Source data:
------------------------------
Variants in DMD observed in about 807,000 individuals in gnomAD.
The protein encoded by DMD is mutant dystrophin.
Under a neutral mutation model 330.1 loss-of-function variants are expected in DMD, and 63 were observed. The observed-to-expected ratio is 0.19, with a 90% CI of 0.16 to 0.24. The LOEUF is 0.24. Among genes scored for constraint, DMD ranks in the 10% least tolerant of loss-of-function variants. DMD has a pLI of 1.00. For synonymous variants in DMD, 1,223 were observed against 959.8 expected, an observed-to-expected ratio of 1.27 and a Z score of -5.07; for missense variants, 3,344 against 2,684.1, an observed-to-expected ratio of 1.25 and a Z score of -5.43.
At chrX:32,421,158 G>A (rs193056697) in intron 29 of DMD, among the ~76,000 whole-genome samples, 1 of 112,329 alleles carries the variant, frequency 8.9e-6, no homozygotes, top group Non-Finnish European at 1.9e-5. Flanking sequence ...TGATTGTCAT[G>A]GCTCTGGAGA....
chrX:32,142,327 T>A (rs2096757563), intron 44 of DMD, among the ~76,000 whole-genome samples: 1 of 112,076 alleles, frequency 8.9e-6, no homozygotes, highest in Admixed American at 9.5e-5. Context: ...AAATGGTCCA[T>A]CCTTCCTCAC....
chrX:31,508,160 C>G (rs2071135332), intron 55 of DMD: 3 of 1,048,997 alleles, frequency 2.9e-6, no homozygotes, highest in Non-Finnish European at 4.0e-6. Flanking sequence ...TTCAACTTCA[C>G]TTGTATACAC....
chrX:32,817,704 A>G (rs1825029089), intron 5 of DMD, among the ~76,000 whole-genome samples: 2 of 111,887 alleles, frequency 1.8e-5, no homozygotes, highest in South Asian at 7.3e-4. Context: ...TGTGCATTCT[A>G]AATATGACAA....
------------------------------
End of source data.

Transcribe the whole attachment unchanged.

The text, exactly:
Variants in DMD observed in about 807,000 individuals in gnomAD.
The protein encoded by DMD is mutant dystrophin.
Under a neutral mutation model 330.1 loss-of-function variants are expected in DMD, and 63 were observed. The observed-to-expected ratio is 0.19, with a 90% CI of 0.16 to 0.24. The LOEUF is 0.24. Among genes scored for constraint, DMD ranks in the 10% least tolerant of loss-of-function variants. DMD has a pLI of 1.00. For synonymous variants in DMD, 1,223 were observed against 959.8 expected, an observed-to-expected ratio of 1.27 and a Z score of -5.07; for missense variants, 3,344 against 2,684.1, an observed-to-expected ratio of 1.25 and a Z score of -5.43.
At chrX:32,421,158 G>A (rs193056697) in intron 29 of DMD, among the ~76,000 whole-genome samples, 1 of 112,329 alleles carries the variant, frequency 8.9e-6, no homozygotes, top group Non-Finnish European at 1.9e-5. Flanking sequence ...TGATTGTCAT[G>A]GCTCTGGAGA....
chrX:32,142,327 T>A (rs2096757563), intron 44 of DMD, among the ~76,000 whole-genome samples: 1 of 112,076 alleles, frequency 8.9e-6, no homozygotes, highest in Admixed American at 9.5e-5. Context: ...AAATGGTCCA[T>A]CCTTCCTCAC....
chrX:31,508,160 C>G (rs2071135332), intron 55 of DMD: 3 of 1,048,997 alleles, frequency 2.9e-6, no homozygotes, highest in Non-Finnish European at 4.0e-6. Flanking sequence ...TTCAACTTCA[C>G]TTGTATACAC....
chrX:32,817,704 A>G (rs1825029089), intron 5 of DMD, among the ~76,000 whole-genome samples: 2 of 111,887 alleles, frequency 1.8e-5, no homozygotes, highest in South Asian at 7.3e-4. Context: ...TGTGCATTCT[A>G]AATATGACAA....